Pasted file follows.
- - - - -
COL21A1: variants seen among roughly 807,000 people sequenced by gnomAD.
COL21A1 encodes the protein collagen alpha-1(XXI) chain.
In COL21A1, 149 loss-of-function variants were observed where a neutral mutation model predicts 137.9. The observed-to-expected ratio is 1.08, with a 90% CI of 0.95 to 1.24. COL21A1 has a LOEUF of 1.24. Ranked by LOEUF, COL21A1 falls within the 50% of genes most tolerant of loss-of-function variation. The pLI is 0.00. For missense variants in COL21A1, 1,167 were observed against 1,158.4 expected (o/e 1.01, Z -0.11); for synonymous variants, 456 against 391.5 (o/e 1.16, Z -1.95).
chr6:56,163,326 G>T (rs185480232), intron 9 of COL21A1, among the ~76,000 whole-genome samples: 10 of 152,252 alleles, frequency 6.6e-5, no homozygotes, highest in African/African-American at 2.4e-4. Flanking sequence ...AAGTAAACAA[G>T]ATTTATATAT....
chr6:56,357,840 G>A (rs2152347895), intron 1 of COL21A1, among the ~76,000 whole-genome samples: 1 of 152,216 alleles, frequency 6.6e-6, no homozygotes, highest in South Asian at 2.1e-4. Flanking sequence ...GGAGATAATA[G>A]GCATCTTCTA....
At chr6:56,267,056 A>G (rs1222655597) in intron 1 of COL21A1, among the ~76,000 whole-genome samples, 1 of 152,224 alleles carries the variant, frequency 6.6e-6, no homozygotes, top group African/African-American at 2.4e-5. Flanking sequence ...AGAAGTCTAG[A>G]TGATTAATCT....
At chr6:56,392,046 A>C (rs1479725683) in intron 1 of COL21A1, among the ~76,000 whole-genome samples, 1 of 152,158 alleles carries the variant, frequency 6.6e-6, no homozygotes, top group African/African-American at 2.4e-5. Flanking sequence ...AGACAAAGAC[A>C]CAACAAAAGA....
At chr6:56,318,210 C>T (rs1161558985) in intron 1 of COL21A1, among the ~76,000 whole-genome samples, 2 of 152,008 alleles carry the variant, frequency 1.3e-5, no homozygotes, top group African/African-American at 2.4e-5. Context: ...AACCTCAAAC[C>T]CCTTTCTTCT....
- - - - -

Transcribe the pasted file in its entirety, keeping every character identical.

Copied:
COL21A1: variants seen among roughly 807,000 people sequenced by gnomAD.
COL21A1 encodes the protein collagen alpha-1(XXI) chain.
In COL21A1, 149 loss-of-function variants were observed where a neutral mutation model predicts 137.9. The observed-to-expected ratio is 1.08, with a 90% CI of 0.95 to 1.24. COL21A1 has a LOEUF of 1.24. Ranked by LOEUF, COL21A1 falls within the 50% of genes most tolerant of loss-of-function variation. The pLI is 0.00. For missense variants in COL21A1, 1,167 were observed against 1,158.4 expected (o/e 1.01, Z -0.11); for synonymous variants, 456 against 391.5 (o/e 1.16, Z -1.95).
chr6:56,163,326 G>T (rs185480232), intron 9 of COL21A1, among the ~76,000 whole-genome samples: 10 of 152,252 alleles, frequency 6.6e-5, no homozygotes, highest in African/African-American at 2.4e-4. Flanking sequence ...AAGTAAACAA[G>T]ATTTATATAT....
chr6:56,357,840 G>A (rs2152347895), intron 1 of COL21A1, among the ~76,000 whole-genome samples: 1 of 152,216 alleles, frequency 6.6e-6, no homozygotes, highest in South Asian at 2.1e-4. Flanking sequence ...GGAGATAATA[G>A]GCATCTTCTA....
At chr6:56,267,056 A>G (rs1222655597) in intron 1 of COL21A1, among the ~76,000 whole-genome samples, 1 of 152,224 alleles carries the variant, frequency 6.6e-6, no homozygotes, top group African/African-American at 2.4e-5. Flanking sequence ...AGAAGTCTAG[A>G]TGATTAATCT....
At chr6:56,392,046 A>C (rs1479725683) in intron 1 of COL21A1, among the ~76,000 whole-genome samples, 1 of 152,158 alleles carries the variant, frequency 6.6e-6, no homozygotes, top group African/African-American at 2.4e-5. Flanking sequence ...AGACAAAGAC[A>C]CAACAAAAGA....
At chr6:56,318,210 C>T (rs1161558985) in intron 1 of COL21A1, among the ~76,000 whole-genome samples, 2 of 152,008 alleles carry the variant, frequency 1.3e-5, no homozygotes, top group African/African-American at 2.4e-5. Context: ...AACCTCAAAC[C>T]CCTTTCTTCT....